A few weeks ago, 2009 reading results were released for “The Nation’s Report Card” — the National Assessment of Educational Progress, or NAEP. And the news was very good for Florida.
After a decade of K–12 education reform, Florida’s minority students — both Hispanics and blacks — have outscored the average student (minority and non-minority) in many other states. The state’s success puts it at the forefront of education reform, and proves that demography doesn’t have to determine a student’s destiny.
We can best illustrate Florida’s radical success with maps. This one illustrates how the nation’s Hispanic students are doing on the NAEP’s fourth-grade reading test. It highlights the states whose average scores are equal to or below the average score of Florida Hispanics:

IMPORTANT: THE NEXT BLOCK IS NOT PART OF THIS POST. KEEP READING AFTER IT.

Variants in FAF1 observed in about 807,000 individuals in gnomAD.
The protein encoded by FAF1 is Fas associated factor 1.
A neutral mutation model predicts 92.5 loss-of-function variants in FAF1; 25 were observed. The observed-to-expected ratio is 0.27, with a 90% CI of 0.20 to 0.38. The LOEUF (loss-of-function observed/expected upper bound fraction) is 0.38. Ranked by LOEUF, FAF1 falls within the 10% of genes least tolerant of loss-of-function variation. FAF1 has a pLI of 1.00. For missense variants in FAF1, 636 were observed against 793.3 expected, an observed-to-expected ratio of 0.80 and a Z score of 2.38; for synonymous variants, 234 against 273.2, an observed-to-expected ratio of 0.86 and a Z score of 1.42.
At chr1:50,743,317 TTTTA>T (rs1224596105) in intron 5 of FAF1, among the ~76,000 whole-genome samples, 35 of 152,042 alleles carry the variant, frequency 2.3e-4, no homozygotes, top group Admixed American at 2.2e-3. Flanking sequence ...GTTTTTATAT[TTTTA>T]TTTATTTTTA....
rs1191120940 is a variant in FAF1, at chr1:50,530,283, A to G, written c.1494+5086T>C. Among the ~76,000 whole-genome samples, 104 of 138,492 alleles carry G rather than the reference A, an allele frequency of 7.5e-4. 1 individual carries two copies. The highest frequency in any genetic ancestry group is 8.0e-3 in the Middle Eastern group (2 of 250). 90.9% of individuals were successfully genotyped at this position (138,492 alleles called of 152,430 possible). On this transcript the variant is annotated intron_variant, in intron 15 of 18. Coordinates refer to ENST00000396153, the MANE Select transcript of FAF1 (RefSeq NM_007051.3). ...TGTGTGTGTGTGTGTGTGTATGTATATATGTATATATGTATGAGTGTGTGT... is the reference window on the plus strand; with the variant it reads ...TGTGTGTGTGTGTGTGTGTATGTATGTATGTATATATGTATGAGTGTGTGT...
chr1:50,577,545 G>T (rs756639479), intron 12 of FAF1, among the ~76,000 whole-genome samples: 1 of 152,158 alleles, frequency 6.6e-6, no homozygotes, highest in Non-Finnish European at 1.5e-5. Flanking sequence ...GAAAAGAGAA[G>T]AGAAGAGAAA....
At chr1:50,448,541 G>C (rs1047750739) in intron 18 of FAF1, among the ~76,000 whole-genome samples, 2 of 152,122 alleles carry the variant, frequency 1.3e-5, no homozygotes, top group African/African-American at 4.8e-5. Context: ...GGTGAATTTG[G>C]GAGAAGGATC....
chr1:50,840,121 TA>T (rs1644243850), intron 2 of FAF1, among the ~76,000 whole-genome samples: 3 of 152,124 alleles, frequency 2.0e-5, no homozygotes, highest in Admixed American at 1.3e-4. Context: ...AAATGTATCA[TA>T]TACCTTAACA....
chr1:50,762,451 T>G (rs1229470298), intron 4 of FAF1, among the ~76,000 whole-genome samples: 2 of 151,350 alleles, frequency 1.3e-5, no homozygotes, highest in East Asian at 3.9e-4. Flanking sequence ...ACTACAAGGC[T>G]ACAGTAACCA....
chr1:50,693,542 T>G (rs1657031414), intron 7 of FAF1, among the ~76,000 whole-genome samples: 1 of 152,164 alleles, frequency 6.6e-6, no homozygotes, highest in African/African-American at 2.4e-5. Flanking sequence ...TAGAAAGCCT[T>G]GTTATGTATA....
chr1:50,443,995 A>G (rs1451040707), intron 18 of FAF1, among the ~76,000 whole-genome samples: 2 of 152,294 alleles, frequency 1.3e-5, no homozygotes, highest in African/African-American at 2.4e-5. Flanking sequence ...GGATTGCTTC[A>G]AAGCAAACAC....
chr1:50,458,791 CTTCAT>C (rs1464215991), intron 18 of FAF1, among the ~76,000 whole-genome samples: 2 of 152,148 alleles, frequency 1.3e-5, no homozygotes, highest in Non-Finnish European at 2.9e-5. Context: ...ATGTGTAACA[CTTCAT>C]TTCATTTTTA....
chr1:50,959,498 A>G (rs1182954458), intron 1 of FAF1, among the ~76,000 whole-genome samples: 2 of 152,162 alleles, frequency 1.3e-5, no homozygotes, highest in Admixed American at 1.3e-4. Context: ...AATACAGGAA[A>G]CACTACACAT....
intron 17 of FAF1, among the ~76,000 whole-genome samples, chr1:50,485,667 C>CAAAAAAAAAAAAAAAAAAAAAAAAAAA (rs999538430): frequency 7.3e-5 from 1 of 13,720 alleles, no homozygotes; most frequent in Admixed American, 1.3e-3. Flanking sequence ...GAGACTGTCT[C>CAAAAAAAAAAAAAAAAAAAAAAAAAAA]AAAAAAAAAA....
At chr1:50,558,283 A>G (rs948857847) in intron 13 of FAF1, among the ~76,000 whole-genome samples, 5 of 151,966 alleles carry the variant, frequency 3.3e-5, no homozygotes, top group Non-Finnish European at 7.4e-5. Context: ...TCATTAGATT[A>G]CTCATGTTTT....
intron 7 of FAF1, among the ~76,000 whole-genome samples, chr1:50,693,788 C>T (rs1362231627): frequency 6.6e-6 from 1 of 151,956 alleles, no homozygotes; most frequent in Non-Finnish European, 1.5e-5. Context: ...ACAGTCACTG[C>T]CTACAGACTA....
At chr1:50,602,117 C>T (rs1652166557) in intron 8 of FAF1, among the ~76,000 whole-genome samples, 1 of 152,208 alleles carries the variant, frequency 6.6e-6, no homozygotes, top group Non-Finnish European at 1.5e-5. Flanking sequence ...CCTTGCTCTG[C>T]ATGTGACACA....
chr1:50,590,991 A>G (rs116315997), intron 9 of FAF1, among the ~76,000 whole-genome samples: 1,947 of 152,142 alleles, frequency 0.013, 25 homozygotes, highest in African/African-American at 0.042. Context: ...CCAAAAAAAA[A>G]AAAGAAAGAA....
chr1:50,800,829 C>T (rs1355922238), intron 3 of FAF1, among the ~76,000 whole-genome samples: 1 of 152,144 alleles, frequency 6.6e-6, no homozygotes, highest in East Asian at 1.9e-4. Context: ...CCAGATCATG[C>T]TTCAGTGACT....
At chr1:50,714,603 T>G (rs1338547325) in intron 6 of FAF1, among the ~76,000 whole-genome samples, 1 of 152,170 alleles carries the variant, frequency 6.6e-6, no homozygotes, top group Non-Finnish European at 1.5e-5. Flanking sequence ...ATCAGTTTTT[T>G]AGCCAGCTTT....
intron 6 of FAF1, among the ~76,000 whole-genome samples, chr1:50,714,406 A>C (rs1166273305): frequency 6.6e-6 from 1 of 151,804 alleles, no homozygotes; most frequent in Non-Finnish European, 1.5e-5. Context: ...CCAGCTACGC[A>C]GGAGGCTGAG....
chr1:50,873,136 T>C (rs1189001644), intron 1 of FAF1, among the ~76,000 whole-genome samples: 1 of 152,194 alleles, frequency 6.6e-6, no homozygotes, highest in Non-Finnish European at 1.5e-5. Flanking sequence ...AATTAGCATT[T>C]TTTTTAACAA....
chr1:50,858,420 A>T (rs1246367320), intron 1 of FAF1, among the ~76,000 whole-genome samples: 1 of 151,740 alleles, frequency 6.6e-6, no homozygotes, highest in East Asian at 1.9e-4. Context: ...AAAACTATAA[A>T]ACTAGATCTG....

Click image to enlarge
Note the large number of predominantly white states that are highlighted: Iowa, Oregon, Michigan, Minnesota, Washington, and Wyoming. Notice also North Carolina and Texas, two states whose leaders are proud of their K–12 reforms in the previous decade, and Tennessee, one of the two first-round finalists in the Obama administration’s Race to the Top competition.
Today, on average, Florida Hispanics score the equivalent of almost two grade levels higher than their same-race peers around the country. On fourth-grade reading, the racial achievement gap between whites nationally and Hispanics in Florida has fallen by 76 percent since 1998.